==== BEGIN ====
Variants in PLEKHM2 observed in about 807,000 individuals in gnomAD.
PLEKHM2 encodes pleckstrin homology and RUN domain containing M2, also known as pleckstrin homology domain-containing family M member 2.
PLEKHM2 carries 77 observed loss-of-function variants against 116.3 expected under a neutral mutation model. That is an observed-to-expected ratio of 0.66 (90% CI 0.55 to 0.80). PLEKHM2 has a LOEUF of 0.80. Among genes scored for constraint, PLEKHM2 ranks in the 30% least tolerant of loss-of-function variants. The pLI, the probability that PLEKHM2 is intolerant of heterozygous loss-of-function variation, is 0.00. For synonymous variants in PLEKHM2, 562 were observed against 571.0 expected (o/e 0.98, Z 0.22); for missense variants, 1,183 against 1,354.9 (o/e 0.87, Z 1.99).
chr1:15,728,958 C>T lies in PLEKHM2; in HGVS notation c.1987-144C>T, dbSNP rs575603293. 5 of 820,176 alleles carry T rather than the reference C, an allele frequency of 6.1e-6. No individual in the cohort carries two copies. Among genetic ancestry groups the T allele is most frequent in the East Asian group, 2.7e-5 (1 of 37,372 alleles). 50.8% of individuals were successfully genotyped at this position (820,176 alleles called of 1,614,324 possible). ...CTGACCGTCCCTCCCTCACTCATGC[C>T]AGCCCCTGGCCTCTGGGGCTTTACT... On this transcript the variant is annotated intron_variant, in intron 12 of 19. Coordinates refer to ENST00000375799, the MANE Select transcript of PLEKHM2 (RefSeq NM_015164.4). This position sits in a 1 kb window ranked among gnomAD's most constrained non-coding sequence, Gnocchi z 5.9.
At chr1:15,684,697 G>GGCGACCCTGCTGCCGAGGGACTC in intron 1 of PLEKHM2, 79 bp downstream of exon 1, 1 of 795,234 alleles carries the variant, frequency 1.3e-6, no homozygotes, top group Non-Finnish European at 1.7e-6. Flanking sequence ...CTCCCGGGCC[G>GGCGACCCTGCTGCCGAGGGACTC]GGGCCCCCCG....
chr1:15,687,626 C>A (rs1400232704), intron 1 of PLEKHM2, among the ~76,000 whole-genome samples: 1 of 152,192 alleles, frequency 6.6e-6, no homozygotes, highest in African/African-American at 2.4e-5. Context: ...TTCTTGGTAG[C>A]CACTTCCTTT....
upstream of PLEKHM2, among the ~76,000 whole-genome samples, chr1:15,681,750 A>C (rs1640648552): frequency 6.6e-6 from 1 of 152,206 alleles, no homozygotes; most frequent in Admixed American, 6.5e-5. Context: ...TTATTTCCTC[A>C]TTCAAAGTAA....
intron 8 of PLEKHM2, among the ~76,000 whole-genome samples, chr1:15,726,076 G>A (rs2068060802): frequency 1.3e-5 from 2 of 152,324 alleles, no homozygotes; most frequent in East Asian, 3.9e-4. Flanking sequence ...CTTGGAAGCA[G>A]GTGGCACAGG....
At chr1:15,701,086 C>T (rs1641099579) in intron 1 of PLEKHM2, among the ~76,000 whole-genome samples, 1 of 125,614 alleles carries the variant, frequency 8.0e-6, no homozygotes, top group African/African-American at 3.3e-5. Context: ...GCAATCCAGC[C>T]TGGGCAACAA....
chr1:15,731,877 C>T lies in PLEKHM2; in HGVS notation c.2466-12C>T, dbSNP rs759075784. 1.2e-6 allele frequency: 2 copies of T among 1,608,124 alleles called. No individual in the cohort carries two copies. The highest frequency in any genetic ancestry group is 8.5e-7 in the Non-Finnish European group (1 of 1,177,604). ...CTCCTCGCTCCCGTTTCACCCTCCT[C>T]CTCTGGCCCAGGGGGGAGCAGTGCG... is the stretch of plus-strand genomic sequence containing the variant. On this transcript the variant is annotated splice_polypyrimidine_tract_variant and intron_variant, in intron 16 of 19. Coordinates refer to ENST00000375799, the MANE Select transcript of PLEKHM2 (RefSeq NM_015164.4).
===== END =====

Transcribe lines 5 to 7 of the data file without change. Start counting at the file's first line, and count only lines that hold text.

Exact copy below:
At chr1:15,684,697 G>GGCGACCCTGCTGCCGAGGGACTC in intron 1 of PLEKHM2, 79 bp downstream of exon 1, 1 of 795,234 alleles carries the variant, frequency 1.3e-6, no homozygotes, top group Non-Finnish European at 1.7e-6. Flanking sequence ...CTCCCGGGCC[G>GGCGACCCTGCTGCCGAGGGACTC]GGGCCCCCCG....
chr1:15,687,626 C>A (rs1400232704), intron 1 of PLEKHM2, among the ~76,000 whole-genome samples: 1 of 152,192 alleles, frequency 6.6e-6, no homozygotes, highest in African/African-American at 2.4e-5. Context: ...TTCTTGGTAG[C>A]CACTTCCTTT....
upstream of PLEKHM2, among the ~76,000 whole-genome samples, chr1:15,681,750 A>C (rs1640648552): frequency 6.6e-6 from 1 of 152,206 alleles, no homozygotes; most frequent in Admixed American, 6.5e-5. Context: ...TTATTTCCTC[A>C]TTCAAAGTAA....